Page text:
Cartouche-shaped black marble plaque inset with oval micromosaic panels depicting Roman archaeological scenes (clockwise from upper left): the Coliseum, the Temple of Hercules, the Roman Forum and the Pantheon. Those four panels surround the Doves of Pliny, an image often used in micromosaics, which comes from a Roman floor mosaic at Hadrian’s villa in Tivoli and is believed to be a copy of a lost ancient Greek mosaic at Pergamon described by Pliny the elder.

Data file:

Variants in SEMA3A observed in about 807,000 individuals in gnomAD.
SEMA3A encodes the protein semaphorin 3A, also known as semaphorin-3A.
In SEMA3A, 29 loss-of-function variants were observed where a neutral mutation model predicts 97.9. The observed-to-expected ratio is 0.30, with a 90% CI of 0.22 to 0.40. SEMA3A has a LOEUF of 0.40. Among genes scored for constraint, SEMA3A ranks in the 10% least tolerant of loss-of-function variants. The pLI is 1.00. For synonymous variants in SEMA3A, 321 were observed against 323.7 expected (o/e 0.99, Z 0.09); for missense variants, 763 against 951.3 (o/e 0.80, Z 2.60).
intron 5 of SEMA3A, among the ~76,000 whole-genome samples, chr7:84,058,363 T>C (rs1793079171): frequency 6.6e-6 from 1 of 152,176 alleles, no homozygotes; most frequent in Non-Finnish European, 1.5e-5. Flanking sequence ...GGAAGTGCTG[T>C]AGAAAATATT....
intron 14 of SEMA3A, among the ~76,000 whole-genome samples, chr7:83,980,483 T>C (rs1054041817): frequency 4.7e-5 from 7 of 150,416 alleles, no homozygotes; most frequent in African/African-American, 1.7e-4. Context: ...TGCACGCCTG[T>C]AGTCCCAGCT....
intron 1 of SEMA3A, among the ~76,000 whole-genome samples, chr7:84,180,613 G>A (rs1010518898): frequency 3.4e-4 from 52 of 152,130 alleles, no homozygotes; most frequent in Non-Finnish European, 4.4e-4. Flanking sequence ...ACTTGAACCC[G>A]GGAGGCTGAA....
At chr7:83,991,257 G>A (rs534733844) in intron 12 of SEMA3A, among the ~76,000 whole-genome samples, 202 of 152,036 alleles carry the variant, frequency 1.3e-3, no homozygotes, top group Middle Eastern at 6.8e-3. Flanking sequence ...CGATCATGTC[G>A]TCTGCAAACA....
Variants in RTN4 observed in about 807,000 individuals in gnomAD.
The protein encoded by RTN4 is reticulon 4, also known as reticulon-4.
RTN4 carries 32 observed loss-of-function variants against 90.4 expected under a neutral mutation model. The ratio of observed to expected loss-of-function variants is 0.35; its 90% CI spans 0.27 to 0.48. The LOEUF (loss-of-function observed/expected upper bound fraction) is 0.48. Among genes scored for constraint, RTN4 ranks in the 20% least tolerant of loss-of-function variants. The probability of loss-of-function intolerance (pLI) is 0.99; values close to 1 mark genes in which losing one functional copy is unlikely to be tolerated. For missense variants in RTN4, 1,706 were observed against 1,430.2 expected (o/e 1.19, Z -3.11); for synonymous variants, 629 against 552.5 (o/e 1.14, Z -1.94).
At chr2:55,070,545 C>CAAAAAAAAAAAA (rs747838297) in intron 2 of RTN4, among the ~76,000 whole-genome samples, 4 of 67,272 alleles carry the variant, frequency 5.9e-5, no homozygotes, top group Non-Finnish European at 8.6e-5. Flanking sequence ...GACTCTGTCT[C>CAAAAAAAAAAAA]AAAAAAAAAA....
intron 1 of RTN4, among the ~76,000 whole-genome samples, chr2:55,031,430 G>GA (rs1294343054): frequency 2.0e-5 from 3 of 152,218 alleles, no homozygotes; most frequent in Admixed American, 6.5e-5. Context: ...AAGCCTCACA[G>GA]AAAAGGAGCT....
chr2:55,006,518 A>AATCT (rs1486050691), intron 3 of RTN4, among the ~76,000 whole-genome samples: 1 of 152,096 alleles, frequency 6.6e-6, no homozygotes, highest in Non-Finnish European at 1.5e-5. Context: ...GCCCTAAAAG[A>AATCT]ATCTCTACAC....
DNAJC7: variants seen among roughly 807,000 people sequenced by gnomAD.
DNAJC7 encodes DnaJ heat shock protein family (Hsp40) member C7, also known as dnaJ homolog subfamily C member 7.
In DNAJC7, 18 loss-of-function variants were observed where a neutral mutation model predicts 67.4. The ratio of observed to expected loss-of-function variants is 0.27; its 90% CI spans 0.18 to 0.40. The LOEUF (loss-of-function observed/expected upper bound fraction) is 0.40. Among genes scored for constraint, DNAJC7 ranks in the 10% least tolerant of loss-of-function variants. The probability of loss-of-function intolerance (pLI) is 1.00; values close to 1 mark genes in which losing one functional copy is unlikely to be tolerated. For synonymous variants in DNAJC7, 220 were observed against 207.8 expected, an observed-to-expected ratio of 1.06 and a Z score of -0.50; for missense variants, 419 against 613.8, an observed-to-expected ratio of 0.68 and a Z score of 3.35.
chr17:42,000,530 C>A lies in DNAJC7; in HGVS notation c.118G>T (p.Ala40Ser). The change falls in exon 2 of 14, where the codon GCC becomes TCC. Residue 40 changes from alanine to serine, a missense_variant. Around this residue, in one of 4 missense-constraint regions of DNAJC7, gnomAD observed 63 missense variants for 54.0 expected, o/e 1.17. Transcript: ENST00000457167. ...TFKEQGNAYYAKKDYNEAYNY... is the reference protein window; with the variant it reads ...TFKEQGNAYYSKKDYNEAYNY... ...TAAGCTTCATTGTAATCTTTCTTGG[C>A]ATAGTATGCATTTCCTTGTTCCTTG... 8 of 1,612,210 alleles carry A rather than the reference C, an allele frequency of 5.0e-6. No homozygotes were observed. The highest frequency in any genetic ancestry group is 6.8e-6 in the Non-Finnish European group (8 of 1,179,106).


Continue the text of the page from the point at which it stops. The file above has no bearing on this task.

Such items were collected by visitors to Italy on the Grand Tour as they were easily portable. Micromosaics began to be made in Italy during the Renaissance and reached the height of their popularity in the mid nineteenth century. This example was made from the smallest pieces of glass (tesserae), a technique developed in the 18th century in the Vatican Mosaic Workshop.
The edge of the plaque is incised and and would have originally been wrapped with a braided gilt-metal rope, tied at the top for hanging.
5 ¼” x 4”
Source: The Victoria and Albert Museum, the Gilbert Collection
(Minor chips to the edges.)